I posted yesterday that the executive branch has asked for extraordinary privileges in handling detainees, and has subsequently demonstrated that they cannot be trusted with such privileges (not that any government should be). Salon reports today that the day before the prison abuse scandal, the Deputy Solicitor General told the Supreme Court that the US government does not torture prisoners in arguing that the executive branch should be entitled to imprison US citizens for as long as it wishes without the right to due process granted in the Constitution. This thing just keeps on growing. Here are some of the questions the article raises:

Did Clement know he was misleading the justices, or was he kept out of the loop so that he could avoid revealing truths that would undermine the administration’s “trust us” arguments in the enemy combatant cases? Did Joint Chiefs of Staff Chairman Richard Myers persuade CBS to delay broadcasting the photographs from Abu Ghraib to protect the lives of U.S. soldiers — or to spare the administration embarrassing questions during the Supreme Court arguments in the enemy combatant cases?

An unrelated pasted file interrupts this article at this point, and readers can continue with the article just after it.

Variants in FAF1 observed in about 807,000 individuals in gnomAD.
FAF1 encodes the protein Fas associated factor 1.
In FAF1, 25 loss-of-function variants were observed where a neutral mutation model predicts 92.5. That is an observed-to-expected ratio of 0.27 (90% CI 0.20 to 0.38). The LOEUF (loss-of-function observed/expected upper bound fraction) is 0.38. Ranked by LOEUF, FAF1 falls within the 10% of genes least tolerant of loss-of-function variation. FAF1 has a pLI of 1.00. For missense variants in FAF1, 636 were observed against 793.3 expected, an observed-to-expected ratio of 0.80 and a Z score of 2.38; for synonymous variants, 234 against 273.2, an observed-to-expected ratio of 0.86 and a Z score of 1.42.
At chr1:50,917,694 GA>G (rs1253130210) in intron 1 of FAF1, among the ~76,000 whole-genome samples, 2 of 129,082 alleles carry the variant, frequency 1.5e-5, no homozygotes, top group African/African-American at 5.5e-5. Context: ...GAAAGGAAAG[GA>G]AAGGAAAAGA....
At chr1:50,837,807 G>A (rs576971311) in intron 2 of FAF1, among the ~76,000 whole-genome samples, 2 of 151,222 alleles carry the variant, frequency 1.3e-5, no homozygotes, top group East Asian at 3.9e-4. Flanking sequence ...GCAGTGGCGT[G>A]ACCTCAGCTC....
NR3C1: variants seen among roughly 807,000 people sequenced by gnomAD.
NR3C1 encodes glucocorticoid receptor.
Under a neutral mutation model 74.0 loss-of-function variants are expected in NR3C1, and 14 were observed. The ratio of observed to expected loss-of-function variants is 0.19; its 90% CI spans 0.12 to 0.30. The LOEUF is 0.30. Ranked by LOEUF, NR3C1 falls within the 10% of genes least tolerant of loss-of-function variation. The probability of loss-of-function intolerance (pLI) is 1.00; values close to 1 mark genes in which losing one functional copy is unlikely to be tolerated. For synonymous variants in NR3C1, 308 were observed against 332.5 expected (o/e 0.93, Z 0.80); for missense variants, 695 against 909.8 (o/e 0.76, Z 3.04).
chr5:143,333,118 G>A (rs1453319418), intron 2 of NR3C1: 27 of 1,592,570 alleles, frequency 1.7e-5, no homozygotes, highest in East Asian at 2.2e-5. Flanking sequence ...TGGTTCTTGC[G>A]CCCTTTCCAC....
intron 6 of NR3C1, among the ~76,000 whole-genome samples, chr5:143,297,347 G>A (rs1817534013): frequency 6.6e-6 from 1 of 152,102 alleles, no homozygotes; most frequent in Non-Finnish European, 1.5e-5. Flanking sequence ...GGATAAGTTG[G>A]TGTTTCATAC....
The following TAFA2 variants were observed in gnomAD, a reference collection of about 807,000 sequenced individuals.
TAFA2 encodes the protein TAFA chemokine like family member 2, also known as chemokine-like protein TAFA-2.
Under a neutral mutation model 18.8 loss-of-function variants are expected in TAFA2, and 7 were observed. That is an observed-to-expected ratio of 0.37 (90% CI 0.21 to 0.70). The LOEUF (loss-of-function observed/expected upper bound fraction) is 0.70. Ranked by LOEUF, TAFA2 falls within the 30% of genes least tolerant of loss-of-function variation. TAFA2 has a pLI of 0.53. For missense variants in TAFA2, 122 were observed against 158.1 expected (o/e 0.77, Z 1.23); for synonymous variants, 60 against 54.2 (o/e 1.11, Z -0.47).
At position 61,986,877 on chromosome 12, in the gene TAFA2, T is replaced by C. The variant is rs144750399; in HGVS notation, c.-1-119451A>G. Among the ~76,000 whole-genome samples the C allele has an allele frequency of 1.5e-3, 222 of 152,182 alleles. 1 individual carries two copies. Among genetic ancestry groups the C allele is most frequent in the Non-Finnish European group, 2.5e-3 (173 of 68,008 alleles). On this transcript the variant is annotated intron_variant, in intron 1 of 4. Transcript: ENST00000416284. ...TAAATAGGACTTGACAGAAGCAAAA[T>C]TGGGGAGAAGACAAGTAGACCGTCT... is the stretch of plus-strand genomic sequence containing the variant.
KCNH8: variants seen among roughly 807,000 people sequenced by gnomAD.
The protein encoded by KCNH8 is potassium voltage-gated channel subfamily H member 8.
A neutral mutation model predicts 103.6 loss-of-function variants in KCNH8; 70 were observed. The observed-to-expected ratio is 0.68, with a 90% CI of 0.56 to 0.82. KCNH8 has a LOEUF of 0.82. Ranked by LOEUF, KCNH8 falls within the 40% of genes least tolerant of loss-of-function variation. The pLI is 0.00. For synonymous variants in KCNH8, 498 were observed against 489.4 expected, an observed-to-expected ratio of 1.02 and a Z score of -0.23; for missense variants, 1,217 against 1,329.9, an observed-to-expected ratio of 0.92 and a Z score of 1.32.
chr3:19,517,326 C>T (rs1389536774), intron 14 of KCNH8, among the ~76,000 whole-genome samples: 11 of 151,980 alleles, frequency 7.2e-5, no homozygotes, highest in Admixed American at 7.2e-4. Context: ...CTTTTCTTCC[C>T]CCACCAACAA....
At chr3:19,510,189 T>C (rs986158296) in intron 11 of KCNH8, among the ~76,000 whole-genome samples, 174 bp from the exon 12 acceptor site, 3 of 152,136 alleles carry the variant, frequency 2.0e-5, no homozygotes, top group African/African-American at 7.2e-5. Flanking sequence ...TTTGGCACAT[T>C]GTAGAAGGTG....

If U.S. soldiers and CIA agents are meting out abuse — “mild torture” — to random Iraqi prisoners in Abu Ghraib and suspected al-Qaida members elsewhere, what is the government doing to Jose Padilla, Yaser Hamdi and any other U.S. citizens it may be holding as enemy combatants? And if the Bush administration can’t be trusted to tell the Supreme Court the truth about its interrogation techniques, how can it be trusted with the power to detain U.S. citizens indefinitely, without any oversight from the courts?